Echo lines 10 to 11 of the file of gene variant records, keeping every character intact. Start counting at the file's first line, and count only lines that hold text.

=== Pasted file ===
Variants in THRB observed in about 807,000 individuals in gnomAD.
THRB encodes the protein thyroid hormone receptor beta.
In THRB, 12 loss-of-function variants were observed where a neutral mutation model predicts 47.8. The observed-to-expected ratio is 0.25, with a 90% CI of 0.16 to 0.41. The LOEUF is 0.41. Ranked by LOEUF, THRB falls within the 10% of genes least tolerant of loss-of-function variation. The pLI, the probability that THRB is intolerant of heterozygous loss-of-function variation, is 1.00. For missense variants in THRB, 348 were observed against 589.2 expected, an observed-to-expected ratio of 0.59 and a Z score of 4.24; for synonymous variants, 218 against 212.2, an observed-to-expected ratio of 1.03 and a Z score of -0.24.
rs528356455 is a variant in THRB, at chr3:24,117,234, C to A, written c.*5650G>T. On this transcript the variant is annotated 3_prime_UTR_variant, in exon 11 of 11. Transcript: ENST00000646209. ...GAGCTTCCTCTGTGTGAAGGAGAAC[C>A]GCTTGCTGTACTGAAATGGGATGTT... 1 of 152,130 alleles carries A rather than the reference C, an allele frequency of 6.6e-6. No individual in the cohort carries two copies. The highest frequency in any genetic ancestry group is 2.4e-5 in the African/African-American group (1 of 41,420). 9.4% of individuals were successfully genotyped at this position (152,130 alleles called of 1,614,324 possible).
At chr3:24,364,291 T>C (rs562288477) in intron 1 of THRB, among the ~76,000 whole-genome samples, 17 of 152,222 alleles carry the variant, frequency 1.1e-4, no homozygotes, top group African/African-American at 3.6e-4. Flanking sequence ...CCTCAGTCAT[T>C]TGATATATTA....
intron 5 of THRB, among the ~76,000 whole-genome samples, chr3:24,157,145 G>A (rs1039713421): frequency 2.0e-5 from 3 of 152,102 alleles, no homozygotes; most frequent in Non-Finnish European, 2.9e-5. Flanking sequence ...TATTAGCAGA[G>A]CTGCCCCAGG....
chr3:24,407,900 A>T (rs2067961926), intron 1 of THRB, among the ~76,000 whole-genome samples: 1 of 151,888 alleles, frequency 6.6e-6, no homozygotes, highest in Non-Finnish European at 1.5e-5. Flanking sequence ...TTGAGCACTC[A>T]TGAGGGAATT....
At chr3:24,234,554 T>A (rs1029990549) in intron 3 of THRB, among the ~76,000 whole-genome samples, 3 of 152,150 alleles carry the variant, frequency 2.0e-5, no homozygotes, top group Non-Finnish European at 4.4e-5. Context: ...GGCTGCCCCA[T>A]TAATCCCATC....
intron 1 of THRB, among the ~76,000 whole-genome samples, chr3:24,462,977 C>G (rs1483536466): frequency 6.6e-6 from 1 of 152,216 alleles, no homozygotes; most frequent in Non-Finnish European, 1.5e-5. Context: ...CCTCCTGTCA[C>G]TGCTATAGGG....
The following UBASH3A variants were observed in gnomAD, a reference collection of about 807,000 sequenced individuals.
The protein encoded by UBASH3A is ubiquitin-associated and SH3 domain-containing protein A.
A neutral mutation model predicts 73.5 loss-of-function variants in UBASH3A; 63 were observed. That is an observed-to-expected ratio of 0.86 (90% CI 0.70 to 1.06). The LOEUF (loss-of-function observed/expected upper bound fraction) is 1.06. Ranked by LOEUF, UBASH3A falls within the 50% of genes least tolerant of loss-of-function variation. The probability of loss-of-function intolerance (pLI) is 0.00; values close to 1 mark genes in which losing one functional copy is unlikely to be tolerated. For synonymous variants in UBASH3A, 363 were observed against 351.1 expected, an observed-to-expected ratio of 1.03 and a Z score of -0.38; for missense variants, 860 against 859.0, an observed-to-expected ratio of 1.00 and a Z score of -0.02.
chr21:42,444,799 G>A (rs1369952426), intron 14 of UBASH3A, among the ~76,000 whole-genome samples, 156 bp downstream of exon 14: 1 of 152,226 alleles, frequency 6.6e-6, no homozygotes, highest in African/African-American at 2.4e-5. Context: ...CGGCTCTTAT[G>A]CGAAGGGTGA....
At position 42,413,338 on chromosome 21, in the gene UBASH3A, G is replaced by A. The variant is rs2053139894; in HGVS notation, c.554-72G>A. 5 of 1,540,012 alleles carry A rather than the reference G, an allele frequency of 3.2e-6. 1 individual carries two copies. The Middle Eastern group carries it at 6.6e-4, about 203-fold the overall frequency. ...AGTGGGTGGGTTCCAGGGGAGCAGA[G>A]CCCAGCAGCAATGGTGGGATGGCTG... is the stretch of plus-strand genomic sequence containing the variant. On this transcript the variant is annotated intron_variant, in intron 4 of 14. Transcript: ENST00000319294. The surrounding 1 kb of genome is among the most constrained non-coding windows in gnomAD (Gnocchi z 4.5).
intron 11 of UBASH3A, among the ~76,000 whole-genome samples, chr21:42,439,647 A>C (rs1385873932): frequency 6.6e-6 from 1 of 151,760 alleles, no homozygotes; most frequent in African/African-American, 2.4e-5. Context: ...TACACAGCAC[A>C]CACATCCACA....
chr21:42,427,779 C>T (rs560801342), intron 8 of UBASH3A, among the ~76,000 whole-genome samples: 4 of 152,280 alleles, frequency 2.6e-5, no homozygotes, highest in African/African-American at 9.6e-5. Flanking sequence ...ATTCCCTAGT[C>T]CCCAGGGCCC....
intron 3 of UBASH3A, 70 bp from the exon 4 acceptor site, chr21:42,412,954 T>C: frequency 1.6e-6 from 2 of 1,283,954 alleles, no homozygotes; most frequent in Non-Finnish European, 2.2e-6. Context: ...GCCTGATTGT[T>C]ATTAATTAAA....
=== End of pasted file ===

The following UBASH3A variants were observed in gnomAD, a reference collection of about 807,000 sequenced individuals.
The protein encoded by UBASH3A is ubiquitin-associated and SH3 domain-containing protein A.